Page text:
Teachers without Borders volunteers in Eritrea
It only takes some 13 hours to get to Asmara from the Helsinki Airport in Finland. Yet, Finland and Eritrea are located on the same time zone. It is perhaps more accurate to measure the actual time difference between the two countries in decades rather than hours.
The city of Asmara is characterised by charmingly beautiful buildings dating to the era of Italian colonial rule. Internet connection works sporadically, and not everything one is used to having back home is readily available. For example, there are no ATMs in the country. Instead, however, there is overwhelming hospitality, great sense of humour, and one of the safest and cleanest city milieus in Africa.
The first days have been busy with getting to know the new surroundings and meeting new people. At our working campus, we have met most of the teachers and toured around the site. Working conditions are, of course, quite different from what we have in Finland. Thus, what works in Finland might not work in Eritrea, and at the beginning we’re eager to learn from our Eritrean colleagues. In a good partnership with them, we will have opportunities to share our best practices.
There are two teacher training institutions in Eritrea. FCA education specialist Hanna Posti-Ahokas works at the one which is part of the Eritrean Institute of Technology. We, the two Teachers without Borders education experts, work at the Asmara Community College for Education (ACCE). The two institutions are administratively separate, but there is lively cooperation between them.
Initially, the focus will be on observing the teaching at ACCE. There is an on-going process of revising the curriculum for Diploma level teacher training, where our input is also desired. We will participate in different departments’ planning meetings and learn from their expertise as well as discuss the curriculum together with them.
Furthermore, earlier this year the ACCE has started a secondary high school level education programme aiming to educate more motivated teachers into the Eritrean education system. The challenge here, just like in so many other countries, is that the teaching profession is not nearly as prestigious and respected as it is, for example, in Finland. It is amazing how committed and motivated our local colleagues — teachers and other education professionals — are despite this.
Now, in the very beginning, one is immersed in all that is new; names, faces, places, voices and scents. Being awakened by roosters crowing in the heart of the capital and inhaling the delicious odour of freshly baked bread during the morning run make for a great start for the day.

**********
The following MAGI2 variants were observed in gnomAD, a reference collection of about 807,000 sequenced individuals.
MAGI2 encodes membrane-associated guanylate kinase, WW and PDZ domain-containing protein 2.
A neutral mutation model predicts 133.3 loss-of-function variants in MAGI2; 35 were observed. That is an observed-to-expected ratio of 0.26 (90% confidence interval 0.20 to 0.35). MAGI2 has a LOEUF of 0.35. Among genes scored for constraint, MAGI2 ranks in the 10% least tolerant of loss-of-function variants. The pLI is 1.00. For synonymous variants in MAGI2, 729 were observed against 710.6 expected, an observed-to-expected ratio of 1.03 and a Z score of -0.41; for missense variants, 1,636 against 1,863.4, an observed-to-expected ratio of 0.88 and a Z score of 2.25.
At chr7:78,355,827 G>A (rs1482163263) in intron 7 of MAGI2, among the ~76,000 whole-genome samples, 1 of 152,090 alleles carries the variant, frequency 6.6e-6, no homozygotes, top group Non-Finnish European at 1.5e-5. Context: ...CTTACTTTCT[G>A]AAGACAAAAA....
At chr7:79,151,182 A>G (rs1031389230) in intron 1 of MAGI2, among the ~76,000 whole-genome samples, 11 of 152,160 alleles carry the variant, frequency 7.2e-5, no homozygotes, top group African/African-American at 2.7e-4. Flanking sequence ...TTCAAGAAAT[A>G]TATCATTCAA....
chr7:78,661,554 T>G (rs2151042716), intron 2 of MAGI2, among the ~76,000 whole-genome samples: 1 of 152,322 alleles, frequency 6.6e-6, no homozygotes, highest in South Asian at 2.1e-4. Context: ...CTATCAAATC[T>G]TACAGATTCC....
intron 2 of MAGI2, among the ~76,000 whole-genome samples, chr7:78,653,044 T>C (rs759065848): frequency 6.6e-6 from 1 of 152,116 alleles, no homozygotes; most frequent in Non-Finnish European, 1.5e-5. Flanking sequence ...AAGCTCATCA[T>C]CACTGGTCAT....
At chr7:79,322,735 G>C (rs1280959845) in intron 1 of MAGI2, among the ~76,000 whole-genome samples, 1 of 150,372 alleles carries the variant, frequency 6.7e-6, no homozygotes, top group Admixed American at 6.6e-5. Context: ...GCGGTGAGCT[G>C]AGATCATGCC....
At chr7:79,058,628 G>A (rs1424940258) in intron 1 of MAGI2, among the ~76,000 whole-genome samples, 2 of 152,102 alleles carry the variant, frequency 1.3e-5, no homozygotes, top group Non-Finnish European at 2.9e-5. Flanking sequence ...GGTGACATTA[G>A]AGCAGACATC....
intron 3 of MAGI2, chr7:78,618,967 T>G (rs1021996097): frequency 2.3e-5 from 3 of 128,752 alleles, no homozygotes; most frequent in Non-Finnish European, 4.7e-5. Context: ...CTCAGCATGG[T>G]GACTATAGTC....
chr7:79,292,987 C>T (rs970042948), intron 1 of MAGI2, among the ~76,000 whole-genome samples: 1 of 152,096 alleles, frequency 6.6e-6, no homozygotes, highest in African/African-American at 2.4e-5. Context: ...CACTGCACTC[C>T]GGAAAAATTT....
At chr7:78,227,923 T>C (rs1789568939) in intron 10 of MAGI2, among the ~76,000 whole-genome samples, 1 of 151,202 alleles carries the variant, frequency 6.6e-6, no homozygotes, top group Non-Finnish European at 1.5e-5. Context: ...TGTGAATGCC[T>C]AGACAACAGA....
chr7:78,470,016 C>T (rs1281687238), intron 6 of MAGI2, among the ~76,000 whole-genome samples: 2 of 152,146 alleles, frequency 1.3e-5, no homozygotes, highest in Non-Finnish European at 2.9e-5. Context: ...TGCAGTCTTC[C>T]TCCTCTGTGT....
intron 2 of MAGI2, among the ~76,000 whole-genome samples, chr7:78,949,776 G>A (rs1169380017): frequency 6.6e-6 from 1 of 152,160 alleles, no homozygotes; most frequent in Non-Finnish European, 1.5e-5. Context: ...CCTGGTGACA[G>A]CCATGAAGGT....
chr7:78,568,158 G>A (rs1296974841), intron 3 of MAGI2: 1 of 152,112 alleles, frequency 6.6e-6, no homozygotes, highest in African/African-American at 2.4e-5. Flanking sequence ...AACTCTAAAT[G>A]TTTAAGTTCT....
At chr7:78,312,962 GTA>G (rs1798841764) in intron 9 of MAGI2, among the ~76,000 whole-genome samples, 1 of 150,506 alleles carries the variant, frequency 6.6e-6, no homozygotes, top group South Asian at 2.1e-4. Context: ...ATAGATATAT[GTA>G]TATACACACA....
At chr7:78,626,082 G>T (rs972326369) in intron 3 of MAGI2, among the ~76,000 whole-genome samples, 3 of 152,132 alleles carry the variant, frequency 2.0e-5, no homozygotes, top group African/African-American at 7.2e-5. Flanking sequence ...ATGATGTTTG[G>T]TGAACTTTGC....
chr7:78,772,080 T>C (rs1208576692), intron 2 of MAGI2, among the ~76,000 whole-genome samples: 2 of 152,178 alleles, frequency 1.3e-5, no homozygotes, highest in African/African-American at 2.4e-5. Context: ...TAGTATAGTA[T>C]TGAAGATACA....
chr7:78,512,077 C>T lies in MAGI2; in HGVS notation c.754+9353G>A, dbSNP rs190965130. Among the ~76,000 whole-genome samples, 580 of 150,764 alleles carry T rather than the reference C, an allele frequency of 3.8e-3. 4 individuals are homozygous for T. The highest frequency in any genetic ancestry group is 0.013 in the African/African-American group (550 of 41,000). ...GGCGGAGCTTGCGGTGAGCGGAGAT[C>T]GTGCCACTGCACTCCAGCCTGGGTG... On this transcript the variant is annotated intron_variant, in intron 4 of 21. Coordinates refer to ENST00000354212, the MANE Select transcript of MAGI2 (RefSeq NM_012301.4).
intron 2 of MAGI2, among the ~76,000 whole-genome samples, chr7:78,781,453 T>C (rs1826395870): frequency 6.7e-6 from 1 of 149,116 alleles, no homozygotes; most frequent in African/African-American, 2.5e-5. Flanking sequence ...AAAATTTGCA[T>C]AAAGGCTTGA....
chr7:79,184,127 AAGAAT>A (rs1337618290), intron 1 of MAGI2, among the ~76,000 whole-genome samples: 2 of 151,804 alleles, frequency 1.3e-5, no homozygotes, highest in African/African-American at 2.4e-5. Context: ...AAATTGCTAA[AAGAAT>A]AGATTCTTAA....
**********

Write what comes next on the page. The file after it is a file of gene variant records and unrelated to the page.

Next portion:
Everything has gone smoothly, and there is undoubtedly a memorable time ahead of us. So here we go! It feels great to get started.
The Asmara Community College of Education provides education to both high school students and teacher trainees. Also, teachers who wish to update their diploma participate in the one-year programme. This means that over two hundred diligent students in total are on campus every day.
This week, we have been observing classes every day and so far have participated in English, biology and geography classes. It is wonderful to see the excitement glimmering in the eyes of teachers as they talk about the movements of tectonic plates in the lithosphere, the characteristics of life or English grammar, in other words the exact same things that are taught and studied in Finland. Even though conditions here in Eritrea are quite different from those in Finland, the joy of learning is universal.
Later on, we are going to visit local primary schools and see the practical results of the teacher training programme. One thing is certain: most students are eager to go to school. This becomes evident during our morning jog when, before seven o’clock, we meet flocks of smiling little school children in their green uniforms headed for their first classes of the day.
We will also have the chance to teach biology to high school students ourselves. It is perhaps easier to assess which methods work best in practice and which don’t once we have tested them personally. It is also more fruitful to discuss which methods to use with colleagues after you have tried them out yourself in a local context.
We have, then, a most interesting week going on here and possibly even more interesting ones ahead!
From sunny Asmara, over and out,
Katri Meriläinen and Jukka Tulivuori
Jukka Tulivuori has over 15 years of experience as an educator, and holds an MA in education and an MSc in geography, biology and health education. His MSc thesis addressed ICT in Geography Education. He currently works at the Finnish National Board of Education (part of the MoE), Helsinki, as a Counsellor of Education focusing on Learning Environments, ICT in Learning and Teaching, Biology and Geography in General Education, and Environmental Education. He is a published author in education and has produced curricula and online materials about environmental education.
Katri Meriläinen holds an MA in Teacher Education and specialises in English and Biology. She offers diverse experience in teacher education and integration of the arts in learning. Meriläinen specialises in pedagogical uses of information and communication technologies. Her passion for teacher education has led her to pursue international opportunities, and in 2009 she worked on developing an education programme for street children in Kolkata, India. Recently, Meriläinen has completed courses in Global Education and Education Quality Assessment.